Although the California Living Museum is only 14 acres with 250 animals representing 80 species, I can highly recommend it.

Keep in mind that I have been a member of zoos, arboretums, aquariums, and animal sanctuaries since I was 13 when my wise old grandmother got me a membership to the Gladys Porter Zoo in Brownsville, Texas. After that it was the San Antonio Zoo and the Houston Zoo. Also keep in mind that I have been a member of the San Diego Zoo since May 1993.

When I was searching for things to do in Bakersfield and found the California Living Museum, I immediately compared it to the San Diego Zoo at 99 acres, 3,700 animals, and 650 species, and the San Diego Zoo Safari Park at 1,800 acres, 3,500+ animals, and 400+ species.

I had convinced myself that I would be disappointed, but I just cannot bear to miss a zoo, arboretum, or sanctuary, so off I went, thinking that since it specialized in California native flora and fauna, maybe I would see something that I had never seen before. At $10, the price was right, too!

I spent four hours at CALM, which breaks down to $2.50 per hour. That’s entertainment that doesn’t break the bank!

Following are some of my best pictures of CALM.

Seeing a saguaro (Carnegia gigantea) in the parking lot gave me great hope
and it only got better.California Living Museum

California Living Museum

California Living Museum

Barrel cactus
Barrel cactus

Northern Mojave Rattlesnake
Northern Mojave Rattlesnake

Northern Pacific Rattlesnake
Northern Pacific Rattlesnake

Southwestern Speckled Rattlesnake
Southwestern Speckled Rattlesnake

Sidewinder
Sidewinder

Sonoran Gopher Snake
Sonoran Gopher Snake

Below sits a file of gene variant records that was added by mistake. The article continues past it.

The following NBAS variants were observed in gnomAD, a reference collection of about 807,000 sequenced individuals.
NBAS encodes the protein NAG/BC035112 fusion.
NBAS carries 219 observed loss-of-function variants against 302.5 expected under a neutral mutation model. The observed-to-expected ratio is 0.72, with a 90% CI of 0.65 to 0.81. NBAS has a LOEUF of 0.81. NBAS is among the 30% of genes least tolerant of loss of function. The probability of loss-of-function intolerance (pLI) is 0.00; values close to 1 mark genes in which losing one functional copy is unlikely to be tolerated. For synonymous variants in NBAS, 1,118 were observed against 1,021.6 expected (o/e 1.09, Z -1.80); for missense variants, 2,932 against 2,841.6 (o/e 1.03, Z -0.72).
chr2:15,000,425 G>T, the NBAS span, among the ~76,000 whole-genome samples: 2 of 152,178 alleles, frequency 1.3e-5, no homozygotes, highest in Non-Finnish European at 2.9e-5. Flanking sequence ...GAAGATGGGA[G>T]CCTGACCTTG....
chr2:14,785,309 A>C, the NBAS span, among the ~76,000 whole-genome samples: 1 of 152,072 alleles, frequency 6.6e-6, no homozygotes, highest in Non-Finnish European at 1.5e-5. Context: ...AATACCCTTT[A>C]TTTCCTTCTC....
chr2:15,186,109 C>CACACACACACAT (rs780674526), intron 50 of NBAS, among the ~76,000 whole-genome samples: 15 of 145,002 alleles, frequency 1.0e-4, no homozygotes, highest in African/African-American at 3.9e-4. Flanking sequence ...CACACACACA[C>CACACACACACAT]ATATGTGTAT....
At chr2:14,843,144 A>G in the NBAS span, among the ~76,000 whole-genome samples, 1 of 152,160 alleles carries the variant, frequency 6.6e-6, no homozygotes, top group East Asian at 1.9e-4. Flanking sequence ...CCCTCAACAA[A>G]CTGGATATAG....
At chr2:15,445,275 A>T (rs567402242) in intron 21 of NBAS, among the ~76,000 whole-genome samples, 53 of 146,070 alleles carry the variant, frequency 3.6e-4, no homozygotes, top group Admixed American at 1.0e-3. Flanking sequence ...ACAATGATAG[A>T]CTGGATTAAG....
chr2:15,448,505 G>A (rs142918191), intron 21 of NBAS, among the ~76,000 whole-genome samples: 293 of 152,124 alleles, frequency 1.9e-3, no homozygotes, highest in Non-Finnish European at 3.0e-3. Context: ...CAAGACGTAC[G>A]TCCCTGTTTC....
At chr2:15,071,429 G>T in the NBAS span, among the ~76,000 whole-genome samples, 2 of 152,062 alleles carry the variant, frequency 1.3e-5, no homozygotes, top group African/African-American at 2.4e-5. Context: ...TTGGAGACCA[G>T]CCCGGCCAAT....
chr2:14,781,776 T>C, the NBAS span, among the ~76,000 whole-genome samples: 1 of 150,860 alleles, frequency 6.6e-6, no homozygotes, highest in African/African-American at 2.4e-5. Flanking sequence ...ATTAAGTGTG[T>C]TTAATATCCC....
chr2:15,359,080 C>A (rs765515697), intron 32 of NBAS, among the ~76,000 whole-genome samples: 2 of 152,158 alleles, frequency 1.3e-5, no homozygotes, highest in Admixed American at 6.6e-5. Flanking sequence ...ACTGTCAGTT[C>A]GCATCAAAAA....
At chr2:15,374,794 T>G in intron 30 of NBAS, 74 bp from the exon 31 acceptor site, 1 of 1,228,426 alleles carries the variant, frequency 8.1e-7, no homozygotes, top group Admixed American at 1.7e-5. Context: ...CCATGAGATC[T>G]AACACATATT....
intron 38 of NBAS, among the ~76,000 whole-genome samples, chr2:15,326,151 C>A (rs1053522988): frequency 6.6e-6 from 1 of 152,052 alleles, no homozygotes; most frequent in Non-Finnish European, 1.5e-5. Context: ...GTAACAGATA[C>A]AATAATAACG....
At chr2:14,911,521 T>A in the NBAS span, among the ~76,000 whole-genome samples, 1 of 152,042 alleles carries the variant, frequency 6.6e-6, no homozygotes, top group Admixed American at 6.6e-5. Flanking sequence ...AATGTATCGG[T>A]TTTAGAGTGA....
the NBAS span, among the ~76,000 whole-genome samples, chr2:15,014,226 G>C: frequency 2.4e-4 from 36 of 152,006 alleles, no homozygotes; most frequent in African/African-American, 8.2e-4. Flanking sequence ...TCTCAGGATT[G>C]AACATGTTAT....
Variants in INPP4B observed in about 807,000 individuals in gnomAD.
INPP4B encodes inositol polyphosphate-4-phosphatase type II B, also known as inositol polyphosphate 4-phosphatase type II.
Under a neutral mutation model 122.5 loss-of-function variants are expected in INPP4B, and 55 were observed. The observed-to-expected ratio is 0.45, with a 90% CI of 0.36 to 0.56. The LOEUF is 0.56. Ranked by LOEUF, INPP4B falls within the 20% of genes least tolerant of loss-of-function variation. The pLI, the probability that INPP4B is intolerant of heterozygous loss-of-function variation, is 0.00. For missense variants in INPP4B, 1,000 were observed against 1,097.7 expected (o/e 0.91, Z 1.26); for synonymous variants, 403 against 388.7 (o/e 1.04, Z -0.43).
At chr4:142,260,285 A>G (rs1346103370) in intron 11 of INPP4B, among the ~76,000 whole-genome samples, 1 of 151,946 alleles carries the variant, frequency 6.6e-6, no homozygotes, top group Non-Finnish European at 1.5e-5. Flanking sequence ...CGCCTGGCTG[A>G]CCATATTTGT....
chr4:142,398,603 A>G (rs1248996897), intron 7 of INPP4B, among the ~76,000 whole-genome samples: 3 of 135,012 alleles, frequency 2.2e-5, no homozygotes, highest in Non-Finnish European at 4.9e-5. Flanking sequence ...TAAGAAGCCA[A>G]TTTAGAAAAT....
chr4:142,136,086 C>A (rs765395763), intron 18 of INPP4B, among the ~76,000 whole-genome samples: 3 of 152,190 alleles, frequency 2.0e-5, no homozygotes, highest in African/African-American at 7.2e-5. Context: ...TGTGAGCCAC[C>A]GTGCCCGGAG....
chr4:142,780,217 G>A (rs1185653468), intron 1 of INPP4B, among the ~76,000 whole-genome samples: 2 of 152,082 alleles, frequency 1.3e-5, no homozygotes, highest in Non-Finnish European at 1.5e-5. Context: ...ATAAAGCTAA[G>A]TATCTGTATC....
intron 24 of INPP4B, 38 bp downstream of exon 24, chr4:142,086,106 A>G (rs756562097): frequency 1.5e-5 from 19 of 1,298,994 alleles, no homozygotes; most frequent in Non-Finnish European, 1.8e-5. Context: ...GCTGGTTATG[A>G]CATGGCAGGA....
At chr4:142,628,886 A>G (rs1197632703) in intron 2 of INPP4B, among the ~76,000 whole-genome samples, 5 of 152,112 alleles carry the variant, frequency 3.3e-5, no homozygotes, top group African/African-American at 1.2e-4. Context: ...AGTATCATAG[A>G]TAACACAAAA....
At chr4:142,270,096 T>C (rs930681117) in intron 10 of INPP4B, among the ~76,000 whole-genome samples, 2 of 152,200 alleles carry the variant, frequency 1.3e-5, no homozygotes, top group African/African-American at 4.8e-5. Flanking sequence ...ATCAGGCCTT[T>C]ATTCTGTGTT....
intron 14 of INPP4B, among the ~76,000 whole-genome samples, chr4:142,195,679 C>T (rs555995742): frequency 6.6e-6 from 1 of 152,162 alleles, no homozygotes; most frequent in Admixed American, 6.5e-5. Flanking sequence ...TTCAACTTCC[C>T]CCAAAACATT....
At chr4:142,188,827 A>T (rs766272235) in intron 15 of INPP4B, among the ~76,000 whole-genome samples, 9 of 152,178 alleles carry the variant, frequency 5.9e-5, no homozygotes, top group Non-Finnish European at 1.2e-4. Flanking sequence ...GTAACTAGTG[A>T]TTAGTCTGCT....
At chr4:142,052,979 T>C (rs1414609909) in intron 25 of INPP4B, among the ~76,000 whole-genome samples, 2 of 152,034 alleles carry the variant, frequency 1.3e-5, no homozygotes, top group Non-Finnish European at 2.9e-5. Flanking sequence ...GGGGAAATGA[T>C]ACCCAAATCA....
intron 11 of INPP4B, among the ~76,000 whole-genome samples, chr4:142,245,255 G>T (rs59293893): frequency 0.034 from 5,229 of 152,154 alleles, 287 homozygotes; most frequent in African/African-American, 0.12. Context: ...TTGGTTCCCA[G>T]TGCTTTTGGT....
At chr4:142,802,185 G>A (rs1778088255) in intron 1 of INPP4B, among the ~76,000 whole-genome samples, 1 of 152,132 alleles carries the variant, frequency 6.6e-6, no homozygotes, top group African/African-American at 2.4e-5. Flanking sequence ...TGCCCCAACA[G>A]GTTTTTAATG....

Chuckwalla
Chuckwalla

Desert Iguana
Desert Iguana

Desert Tortoise
Desert Tortoise

Desert Bighorn SheepDesert Bighorn Sheep

CoyoteCoyote

Mountain Lion
Mountain lion

Mountain lion

Nelson’s Antelope Squirrel
Nelson's Antelope Squirrel

Roadrunner
Roadrunner

Turkey
Turkey

Western Scrub Jay
Western Scrub Jay

Barn Owl
Barn Owl

Acorn Woodpecker
Acorn Woodpecker

Bald Eagle
Bald Eagle

California Living Museum

Did you notice that I got a picture of both a coyote and a roadrunner?

Coyote and roadrunner

Out & About—Puma concolor

Out & About

I spoke to the Bakersfield Cactus & Succulent Society on February 11, 2020, about nature’s geometry in succulents, and spoke on the same subject at the San Gabriel Valley Cactus & Succulent Society on February 13.

Bakersfield is a 4-hour drive from me, and the Los Angeles County Arboretum where San Gabriel Valley Cactus & Succulent Society meets, is a 3-hour drive, so it’s not like I was going to come home after Bakersfield and then drive back to Los Angeles through all that horrendous traffic.

Thus, I spent Wednesday out and about Bakersfield, exploring trains, zoos, arboretums and gardens, and the campus of California State University-Bakersfield.

Bakersfield has a zoo and arboretum by the name of California Living Museum, or CALM for short. It specializes in California native fauna and flora.